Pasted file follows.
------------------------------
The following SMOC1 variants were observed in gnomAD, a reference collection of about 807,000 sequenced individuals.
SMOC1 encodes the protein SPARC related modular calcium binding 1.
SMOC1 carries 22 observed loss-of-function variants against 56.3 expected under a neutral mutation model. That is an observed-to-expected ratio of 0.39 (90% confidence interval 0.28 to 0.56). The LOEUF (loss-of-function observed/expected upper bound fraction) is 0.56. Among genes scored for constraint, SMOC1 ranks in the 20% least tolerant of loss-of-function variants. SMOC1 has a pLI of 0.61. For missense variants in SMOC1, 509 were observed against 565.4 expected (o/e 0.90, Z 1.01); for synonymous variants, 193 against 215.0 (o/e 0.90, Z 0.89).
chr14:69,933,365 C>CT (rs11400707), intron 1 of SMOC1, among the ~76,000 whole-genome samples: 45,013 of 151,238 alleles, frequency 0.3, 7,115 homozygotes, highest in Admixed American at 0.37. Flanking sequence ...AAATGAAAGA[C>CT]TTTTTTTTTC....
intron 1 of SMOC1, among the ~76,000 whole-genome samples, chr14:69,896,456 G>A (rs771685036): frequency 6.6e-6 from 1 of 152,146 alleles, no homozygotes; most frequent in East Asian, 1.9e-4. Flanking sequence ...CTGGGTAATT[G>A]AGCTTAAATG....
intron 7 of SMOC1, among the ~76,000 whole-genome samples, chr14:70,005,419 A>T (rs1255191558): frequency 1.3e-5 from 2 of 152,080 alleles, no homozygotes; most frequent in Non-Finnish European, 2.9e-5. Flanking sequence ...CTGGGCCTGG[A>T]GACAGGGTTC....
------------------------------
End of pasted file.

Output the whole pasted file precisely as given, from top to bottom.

The following SMOC1 variants were observed in gnomAD, a reference collection of about 807,000 sequenced individuals.
SMOC1 encodes the protein SPARC related modular calcium binding 1.
SMOC1 carries 22 observed loss-of-function variants against 56.3 expected under a neutral mutation model. That is an observed-to-expected ratio of 0.39 (90% confidence interval 0.28 to 0.56). The LOEUF (loss-of-function observed/expected upper bound fraction) is 0.56. Among genes scored for constraint, SMOC1 ranks in the 20% least tolerant of loss-of-function variants. SMOC1 has a pLI of 0.61. For missense variants in SMOC1, 509 were observed against 565.4 expected (o/e 0.90, Z 1.01); for synonymous variants, 193 against 215.0 (o/e 0.90, Z 0.89).
chr14:69,933,365 C>CT (rs11400707), intron 1 of SMOC1, among the ~76,000 whole-genome samples: 45,013 of 151,238 alleles, frequency 0.3, 7,115 homozygotes, highest in Admixed American at 0.37. Flanking sequence ...AAATGAAAGA[C>CT]TTTTTTTTTC....
intron 1 of SMOC1, among the ~76,000 whole-genome samples, chr14:69,896,456 G>A (rs771685036): frequency 6.6e-6 from 1 of 152,146 alleles, no homozygotes; most frequent in East Asian, 1.9e-4. Flanking sequence ...CTGGGTAATT[G>A]AGCTTAAATG....
intron 7 of SMOC1, among the ~76,000 whole-genome samples, chr14:70,005,419 A>T (rs1255191558): frequency 1.3e-5 from 2 of 152,080 alleles, no homozygotes; most frequent in Non-Finnish European, 2.9e-5. Flanking sequence ...CTGGGCCTGG[A>T]GACAGGGTTC....